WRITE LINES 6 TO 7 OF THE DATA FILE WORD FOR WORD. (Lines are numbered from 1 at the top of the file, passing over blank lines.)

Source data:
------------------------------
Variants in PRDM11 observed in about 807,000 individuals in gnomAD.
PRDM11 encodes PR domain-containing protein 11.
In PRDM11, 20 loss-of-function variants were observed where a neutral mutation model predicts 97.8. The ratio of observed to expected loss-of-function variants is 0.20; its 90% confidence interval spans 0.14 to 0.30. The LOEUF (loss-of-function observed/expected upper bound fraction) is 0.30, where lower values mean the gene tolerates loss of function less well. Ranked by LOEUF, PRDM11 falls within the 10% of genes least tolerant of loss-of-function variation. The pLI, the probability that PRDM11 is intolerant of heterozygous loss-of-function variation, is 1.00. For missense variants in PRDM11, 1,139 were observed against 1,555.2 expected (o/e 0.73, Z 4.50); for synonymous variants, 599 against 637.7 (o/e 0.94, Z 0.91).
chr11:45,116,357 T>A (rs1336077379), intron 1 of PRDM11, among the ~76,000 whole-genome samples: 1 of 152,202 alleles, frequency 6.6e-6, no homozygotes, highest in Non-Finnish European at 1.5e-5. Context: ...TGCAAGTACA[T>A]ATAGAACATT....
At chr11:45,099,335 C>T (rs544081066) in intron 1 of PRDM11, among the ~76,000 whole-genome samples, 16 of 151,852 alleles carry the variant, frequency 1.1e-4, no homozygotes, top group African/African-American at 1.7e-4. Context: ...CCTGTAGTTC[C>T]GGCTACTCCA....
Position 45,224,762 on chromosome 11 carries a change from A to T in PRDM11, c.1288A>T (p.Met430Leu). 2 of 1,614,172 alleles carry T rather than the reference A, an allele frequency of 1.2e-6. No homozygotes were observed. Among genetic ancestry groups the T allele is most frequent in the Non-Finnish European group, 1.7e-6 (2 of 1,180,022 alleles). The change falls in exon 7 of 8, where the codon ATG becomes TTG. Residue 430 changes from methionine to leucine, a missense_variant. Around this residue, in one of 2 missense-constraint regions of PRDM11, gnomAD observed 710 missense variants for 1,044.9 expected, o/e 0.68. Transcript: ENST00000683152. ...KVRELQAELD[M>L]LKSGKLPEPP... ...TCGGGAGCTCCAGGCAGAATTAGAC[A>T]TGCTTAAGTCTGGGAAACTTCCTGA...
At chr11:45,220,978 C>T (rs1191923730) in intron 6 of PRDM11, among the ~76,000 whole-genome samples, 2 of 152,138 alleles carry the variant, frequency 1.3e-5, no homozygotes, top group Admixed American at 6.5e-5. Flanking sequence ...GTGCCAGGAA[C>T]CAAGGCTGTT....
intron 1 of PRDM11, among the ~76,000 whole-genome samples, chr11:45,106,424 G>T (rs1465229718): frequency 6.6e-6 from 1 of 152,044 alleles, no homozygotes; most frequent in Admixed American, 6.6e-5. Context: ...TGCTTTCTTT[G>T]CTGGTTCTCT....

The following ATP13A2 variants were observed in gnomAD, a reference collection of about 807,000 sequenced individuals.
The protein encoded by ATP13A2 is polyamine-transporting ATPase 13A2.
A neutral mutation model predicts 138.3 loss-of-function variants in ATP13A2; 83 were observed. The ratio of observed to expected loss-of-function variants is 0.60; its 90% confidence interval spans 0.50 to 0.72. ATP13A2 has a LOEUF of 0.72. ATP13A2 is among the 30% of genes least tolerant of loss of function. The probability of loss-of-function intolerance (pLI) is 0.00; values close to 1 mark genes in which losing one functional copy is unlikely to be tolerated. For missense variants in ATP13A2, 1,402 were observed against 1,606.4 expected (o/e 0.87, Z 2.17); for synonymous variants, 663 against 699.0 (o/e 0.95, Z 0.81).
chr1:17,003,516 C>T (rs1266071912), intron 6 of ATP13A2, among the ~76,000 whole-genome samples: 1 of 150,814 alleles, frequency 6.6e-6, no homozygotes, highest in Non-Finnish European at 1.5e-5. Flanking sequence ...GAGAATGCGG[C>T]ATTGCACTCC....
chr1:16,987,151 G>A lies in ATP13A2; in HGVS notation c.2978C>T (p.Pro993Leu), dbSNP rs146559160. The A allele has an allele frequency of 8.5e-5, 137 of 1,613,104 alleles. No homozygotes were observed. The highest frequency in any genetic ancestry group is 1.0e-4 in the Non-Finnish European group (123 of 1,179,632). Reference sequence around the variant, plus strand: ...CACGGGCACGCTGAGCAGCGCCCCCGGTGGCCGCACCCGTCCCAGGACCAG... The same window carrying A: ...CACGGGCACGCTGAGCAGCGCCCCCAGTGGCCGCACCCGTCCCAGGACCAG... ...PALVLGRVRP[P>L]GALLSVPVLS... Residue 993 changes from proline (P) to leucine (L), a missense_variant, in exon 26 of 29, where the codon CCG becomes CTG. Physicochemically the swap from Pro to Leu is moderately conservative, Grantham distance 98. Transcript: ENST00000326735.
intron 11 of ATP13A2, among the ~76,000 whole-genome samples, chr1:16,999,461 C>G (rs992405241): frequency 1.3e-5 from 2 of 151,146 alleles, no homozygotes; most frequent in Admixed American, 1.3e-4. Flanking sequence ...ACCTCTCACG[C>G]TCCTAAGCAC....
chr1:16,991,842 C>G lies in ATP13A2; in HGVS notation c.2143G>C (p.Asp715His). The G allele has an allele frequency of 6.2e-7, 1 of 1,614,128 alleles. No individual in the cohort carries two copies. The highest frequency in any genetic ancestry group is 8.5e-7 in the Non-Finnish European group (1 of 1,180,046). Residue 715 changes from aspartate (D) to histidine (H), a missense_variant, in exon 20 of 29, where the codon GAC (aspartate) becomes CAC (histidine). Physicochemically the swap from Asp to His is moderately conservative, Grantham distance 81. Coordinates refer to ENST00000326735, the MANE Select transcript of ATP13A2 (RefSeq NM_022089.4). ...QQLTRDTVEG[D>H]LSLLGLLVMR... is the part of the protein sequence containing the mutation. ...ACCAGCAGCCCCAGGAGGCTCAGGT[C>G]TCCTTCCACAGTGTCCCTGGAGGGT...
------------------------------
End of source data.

Position 45,224,762 on chromosome 11 carries a change from A to T in PRDM11, c.1288A>T (p.Met430Leu). 2 of 1,614,172 alleles carry T rather than the reference A, an allele frequency of 1.2e-6. No homozygotes were observed. Among genetic ancestry groups the T allele is most frequent in the Non-Finnish European group, 1.7e-6 (2 of 1,180,022 alleles). The change falls in exon 7 of 8, where the codon ATG becomes TTG. Residue 430 changes from methionine to leucine, a missense_variant. Around this residue, in one of 2 missense-constraint regions of PRDM11, gnomAD observed 710 missense variants for 1,044.9 expected, o/e 0.68. Transcript: ENST00000683152. ...KVRELQAELD[M>L]LKSGKLPEPP... ...TCGGGAGCTCCAGGCAGAATTAGAC[A>T]TGCTTAAGTCTGGGAAACTTCCTGA...
At chr11:45,220,978 C>T (rs1191923730) in intron 6 of PRDM11, among the ~76,000 whole-genome samples, 2 of 152,138 alleles carry the variant, frequency 1.3e-5, no homozygotes, top group Admixed American at 6.5e-5. Flanking sequence ...GTGCCAGGAA[C>T]CAAGGCTGTT....